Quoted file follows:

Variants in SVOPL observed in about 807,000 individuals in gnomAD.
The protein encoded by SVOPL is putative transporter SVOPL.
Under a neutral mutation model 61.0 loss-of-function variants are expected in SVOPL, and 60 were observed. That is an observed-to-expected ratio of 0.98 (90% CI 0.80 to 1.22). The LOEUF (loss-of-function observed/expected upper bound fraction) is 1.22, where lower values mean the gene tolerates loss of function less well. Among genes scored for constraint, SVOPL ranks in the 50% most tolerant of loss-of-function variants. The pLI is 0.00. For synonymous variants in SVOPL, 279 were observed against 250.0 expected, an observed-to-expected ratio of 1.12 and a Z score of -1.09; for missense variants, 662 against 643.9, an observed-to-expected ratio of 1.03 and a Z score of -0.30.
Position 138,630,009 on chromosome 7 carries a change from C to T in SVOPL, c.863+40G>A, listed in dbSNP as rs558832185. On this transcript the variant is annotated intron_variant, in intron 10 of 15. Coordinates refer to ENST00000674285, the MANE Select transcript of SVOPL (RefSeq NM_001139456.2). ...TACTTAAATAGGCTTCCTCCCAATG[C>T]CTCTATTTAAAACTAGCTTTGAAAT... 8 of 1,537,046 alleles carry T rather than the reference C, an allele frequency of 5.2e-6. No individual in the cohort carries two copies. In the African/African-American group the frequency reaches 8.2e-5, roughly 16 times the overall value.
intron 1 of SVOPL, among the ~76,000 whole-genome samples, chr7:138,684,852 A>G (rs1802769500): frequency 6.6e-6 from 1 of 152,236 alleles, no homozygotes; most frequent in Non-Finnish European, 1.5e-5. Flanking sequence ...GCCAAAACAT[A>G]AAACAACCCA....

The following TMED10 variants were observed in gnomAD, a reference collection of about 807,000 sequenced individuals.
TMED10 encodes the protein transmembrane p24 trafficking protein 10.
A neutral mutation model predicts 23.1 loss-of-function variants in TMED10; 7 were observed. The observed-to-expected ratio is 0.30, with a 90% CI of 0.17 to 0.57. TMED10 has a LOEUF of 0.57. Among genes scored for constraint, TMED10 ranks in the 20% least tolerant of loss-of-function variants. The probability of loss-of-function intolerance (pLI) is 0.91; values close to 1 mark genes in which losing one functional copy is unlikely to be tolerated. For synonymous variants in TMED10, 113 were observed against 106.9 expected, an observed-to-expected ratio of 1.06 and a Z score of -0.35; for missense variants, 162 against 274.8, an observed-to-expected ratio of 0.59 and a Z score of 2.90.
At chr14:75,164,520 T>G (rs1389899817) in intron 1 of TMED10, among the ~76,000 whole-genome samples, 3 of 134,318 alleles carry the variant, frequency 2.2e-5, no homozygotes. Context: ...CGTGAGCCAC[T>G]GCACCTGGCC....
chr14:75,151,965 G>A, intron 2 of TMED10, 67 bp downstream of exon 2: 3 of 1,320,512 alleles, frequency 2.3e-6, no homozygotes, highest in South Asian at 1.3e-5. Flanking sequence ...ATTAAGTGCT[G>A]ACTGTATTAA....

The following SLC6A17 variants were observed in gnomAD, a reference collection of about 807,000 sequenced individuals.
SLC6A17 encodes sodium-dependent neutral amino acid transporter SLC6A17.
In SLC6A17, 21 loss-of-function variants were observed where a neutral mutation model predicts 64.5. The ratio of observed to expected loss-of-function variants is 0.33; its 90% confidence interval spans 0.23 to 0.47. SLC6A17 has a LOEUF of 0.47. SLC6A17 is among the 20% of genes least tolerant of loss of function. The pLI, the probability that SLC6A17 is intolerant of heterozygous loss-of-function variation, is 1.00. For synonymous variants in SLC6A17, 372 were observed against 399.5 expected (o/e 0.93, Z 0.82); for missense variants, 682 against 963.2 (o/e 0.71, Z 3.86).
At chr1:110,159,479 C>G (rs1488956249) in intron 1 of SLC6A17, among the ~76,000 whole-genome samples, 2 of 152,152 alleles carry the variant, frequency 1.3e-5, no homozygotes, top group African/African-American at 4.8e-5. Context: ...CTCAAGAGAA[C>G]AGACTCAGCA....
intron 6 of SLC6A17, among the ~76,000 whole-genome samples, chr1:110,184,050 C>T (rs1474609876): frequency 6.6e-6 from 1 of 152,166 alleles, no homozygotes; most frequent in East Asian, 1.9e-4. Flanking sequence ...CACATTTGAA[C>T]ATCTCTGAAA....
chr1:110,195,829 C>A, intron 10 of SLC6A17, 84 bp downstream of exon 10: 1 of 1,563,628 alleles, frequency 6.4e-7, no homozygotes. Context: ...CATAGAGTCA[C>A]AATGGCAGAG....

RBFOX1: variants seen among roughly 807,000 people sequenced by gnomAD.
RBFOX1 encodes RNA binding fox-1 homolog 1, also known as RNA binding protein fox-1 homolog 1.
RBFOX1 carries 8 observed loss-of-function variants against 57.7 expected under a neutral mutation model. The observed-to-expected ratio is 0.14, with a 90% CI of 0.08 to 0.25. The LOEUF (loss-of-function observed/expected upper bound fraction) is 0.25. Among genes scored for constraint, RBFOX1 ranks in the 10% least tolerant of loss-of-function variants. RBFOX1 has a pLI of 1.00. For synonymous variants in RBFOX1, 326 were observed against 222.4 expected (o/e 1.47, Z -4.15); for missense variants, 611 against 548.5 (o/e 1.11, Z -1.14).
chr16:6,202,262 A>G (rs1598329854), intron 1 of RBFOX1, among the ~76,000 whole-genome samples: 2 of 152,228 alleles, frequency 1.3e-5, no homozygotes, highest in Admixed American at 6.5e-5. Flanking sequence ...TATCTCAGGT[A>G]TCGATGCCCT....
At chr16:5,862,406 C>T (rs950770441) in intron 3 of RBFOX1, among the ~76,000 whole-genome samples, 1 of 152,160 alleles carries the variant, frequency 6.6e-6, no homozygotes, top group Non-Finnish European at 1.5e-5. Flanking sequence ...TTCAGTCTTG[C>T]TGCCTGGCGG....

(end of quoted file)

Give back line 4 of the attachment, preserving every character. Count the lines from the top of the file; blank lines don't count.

Position 138,630,009 on chromosome 7 carries a change from C to T in SVOPL, c.863+40G>A, listed in dbSNP as rs558832185. On this transcript the variant is annotated intron_variant, in intron 10 of 15. Coordinates refer to ENST00000674285, the MANE Select transcript of SVOPL (RefSeq NM_001139456.2). ...TACTTAAATAGGCTTCCTCCCAATG[C>T]CTCTATTTAAAACTAGCTTTGAAAT... 8 of 1,537,046 alleles carry T rather than the reference C, an allele frequency of 5.2e-6. No individual in the cohort carries two copies. In the African/African-American group the frequency reaches 8.2e-5, roughly 16 times the overall value.